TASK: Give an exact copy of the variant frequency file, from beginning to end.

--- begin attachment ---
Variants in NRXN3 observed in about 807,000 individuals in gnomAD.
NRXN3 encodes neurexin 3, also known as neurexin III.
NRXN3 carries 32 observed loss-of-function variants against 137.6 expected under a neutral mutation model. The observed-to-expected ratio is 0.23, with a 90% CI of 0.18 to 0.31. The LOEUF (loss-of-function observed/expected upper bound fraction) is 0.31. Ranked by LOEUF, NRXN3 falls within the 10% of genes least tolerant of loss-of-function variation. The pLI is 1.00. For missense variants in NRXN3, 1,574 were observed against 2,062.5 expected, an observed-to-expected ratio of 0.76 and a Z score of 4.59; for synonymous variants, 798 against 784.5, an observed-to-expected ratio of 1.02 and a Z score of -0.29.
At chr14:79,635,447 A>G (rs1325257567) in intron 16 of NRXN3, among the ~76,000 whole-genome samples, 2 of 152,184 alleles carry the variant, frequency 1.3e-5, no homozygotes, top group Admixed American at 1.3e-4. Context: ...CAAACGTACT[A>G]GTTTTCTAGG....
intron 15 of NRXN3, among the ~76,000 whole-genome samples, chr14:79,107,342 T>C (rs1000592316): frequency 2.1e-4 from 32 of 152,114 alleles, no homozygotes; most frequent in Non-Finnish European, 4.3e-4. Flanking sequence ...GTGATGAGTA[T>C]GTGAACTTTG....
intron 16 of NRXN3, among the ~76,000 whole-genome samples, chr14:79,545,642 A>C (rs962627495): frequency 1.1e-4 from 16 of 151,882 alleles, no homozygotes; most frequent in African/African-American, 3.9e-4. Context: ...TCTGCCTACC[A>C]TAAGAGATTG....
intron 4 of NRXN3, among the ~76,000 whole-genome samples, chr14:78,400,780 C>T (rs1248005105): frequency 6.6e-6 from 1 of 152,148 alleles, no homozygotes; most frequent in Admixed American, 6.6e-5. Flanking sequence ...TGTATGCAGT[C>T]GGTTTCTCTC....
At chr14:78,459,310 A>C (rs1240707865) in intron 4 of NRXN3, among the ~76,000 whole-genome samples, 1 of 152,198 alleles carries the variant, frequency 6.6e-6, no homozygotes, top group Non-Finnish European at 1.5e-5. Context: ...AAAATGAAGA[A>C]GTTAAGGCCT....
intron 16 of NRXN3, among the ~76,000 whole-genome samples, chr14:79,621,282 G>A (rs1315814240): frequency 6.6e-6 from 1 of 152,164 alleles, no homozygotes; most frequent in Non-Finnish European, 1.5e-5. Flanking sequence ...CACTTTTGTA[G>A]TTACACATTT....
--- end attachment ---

Variants in NRXN3 observed in about 807,000 individuals in gnomAD.
NRXN3 encodes neurexin 3, also known as neurexin III.
NRXN3 carries 32 observed loss-of-function variants against 137.6 expected under a neutral mutation model. The observed-to-expected ratio is 0.23, with a 90% CI of 0.18 to 0.31. The LOEUF (loss-of-function observed/expected upper bound fraction) is 0.31. Ranked by LOEUF, NRXN3 falls within the 10% of genes least tolerant of loss-of-function variation. The pLI is 1.00. For missense variants in NRXN3, 1,574 were observed against 2,062.5 expected, an observed-to-expected ratio of 0.76 and a Z score of 4.59; for synonymous variants, 798 against 784.5, an observed-to-expected ratio of 1.02 and a Z score of -0.29.
At chr14:79,635,447 A>G (rs1325257567) in intron 16 of NRXN3, among the ~76,000 whole-genome samples, 2 of 152,184 alleles carry the variant, frequency 1.3e-5, no homozygotes, top group Admixed American at 1.3e-4. Context: ...CAAACGTACT[A>G]GTTTTCTAGG....
intron 15 of NRXN3, among the ~76,000 whole-genome samples, chr14:79,107,342 T>C (rs1000592316): frequency 2.1e-4 from 32 of 152,114 alleles, no homozygotes; most frequent in Non-Finnish European, 4.3e-4. Flanking sequence ...GTGATGAGTA[T>C]GTGAACTTTG....
intron 16 of NRXN3, among the ~76,000 whole-genome samples, chr14:79,545,642 A>C (rs962627495): frequency 1.1e-4 from 16 of 151,882 alleles, no homozygotes; most frequent in African/African-American, 3.9e-4. Context: ...TCTGCCTACC[A>C]TAAGAGATTG....
intron 4 of NRXN3, among the ~76,000 whole-genome samples, chr14:78,400,780 C>T (rs1248005105): frequency 6.6e-6 from 1 of 152,148 alleles, no homozygotes; most frequent in Admixed American, 6.6e-5. Flanking sequence ...TGTATGCAGT[C>T]GGTTTCTCTC....
At chr14:78,459,310 A>C (rs1240707865) in intron 4 of NRXN3, among the ~76,000 whole-genome samples, 1 of 152,198 alleles carries the variant, frequency 6.6e-6, no homozygotes, top group Non-Finnish European at 1.5e-5. Context: ...AAAATGAAGA[A>C]GTTAAGGCCT....
intron 16 of NRXN3, among the ~76,000 whole-genome samples, chr14:79,621,282 G>A (rs1315814240): frequency 6.6e-6 from 1 of 152,164 alleles, no homozygotes; most frequent in Non-Finnish European, 1.5e-5. Flanking sequence ...CACTTTTGTA[G>A]TTACACATTT....